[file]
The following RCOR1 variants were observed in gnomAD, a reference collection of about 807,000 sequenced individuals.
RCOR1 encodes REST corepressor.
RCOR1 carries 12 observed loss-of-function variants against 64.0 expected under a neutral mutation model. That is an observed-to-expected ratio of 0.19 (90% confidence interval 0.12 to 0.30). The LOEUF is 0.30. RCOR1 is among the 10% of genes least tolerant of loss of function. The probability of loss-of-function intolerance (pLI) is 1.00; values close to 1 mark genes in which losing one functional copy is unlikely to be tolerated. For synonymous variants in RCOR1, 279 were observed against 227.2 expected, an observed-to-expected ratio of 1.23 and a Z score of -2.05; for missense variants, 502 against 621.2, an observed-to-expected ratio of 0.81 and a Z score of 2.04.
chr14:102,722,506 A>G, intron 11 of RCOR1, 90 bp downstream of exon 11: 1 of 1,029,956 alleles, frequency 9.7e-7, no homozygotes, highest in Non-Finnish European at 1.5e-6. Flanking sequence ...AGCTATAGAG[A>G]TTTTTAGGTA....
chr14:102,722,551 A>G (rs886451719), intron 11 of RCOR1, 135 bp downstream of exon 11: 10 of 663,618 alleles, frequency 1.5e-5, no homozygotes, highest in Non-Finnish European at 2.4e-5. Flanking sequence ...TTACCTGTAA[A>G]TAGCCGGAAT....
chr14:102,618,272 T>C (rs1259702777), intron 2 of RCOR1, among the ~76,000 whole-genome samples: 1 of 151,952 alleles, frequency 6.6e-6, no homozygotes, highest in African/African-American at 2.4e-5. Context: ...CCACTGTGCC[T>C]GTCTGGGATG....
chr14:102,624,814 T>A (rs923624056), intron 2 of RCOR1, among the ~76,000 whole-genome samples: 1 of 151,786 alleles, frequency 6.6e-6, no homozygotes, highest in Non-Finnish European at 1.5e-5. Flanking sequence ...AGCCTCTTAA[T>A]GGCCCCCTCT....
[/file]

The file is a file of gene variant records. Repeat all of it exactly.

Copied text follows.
The following RCOR1 variants were observed in gnomAD, a reference collection of about 807,000 sequenced individuals.
RCOR1 encodes REST corepressor.
RCOR1 carries 12 observed loss-of-function variants against 64.0 expected under a neutral mutation model. That is an observed-to-expected ratio of 0.19 (90% confidence interval 0.12 to 0.30). The LOEUF is 0.30. RCOR1 is among the 10% of genes least tolerant of loss of function. The probability of loss-of-function intolerance (pLI) is 1.00; values close to 1 mark genes in which losing one functional copy is unlikely to be tolerated. For synonymous variants in RCOR1, 279 were observed against 227.2 expected, an observed-to-expected ratio of 1.23 and a Z score of -2.05; for missense variants, 502 against 621.2, an observed-to-expected ratio of 0.81 and a Z score of 2.04.
chr14:102,722,506 A>G, intron 11 of RCOR1, 90 bp downstream of exon 11: 1 of 1,029,956 alleles, frequency 9.7e-7, no homozygotes, highest in Non-Finnish European at 1.5e-6. Flanking sequence ...AGCTATAGAG[A>G]TTTTTAGGTA....
chr14:102,722,551 A>G (rs886451719), intron 11 of RCOR1, 135 bp downstream of exon 11: 10 of 663,618 alleles, frequency 1.5e-5, no homozygotes, highest in Non-Finnish European at 2.4e-5. Flanking sequence ...TTACCTGTAA[A>G]TAGCCGGAAT....
chr14:102,618,272 T>C (rs1259702777), intron 2 of RCOR1, among the ~76,000 whole-genome samples: 1 of 151,952 alleles, frequency 6.6e-6, no homozygotes, highest in African/African-American at 2.4e-5. Context: ...CCACTGTGCC[T>C]GTCTGGGATG....
chr14:102,624,814 T>A (rs923624056), intron 2 of RCOR1, among the ~76,000 whole-genome samples: 1 of 151,786 alleles, frequency 6.6e-6, no homozygotes, highest in Non-Finnish European at 1.5e-5. Flanking sequence ...AGCCTCTTAA[T>A]GGCCCCCTCT....